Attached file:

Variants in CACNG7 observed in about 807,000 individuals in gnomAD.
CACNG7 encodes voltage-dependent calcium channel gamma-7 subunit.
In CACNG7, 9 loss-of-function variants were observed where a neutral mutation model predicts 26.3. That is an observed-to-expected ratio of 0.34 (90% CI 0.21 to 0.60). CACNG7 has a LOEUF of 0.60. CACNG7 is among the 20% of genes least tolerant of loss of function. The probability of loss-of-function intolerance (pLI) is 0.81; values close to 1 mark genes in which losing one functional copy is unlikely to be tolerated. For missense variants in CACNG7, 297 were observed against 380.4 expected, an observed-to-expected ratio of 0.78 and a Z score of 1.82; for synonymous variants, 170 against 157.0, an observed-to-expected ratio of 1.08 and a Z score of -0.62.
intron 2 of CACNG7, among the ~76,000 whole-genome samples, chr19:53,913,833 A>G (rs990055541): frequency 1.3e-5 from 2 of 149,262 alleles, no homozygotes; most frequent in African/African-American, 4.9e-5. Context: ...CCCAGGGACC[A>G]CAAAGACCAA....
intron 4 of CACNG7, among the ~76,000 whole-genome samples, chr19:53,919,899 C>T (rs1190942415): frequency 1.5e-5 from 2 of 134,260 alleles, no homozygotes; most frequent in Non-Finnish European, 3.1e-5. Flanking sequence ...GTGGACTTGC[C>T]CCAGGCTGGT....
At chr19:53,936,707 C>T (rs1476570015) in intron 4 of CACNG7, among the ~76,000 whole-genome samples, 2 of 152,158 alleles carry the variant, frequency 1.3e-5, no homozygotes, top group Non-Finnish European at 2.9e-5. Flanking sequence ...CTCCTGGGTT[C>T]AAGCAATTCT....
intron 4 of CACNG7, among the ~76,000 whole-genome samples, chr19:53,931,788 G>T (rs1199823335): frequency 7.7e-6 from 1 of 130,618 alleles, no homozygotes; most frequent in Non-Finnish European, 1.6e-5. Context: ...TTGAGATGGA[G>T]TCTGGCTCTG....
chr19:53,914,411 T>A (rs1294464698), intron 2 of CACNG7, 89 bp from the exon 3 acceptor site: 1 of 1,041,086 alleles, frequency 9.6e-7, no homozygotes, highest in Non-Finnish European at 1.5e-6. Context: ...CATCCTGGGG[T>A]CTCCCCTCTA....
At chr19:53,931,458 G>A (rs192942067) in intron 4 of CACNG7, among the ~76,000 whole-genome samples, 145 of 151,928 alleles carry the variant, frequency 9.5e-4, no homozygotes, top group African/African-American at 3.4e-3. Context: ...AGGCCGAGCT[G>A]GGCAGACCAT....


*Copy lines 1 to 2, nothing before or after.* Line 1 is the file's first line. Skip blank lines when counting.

Variants in CACNG7 observed in about 807,000 individuals in gnomAD.
CACNG7 encodes voltage-dependent calcium channel gamma-7 subunit.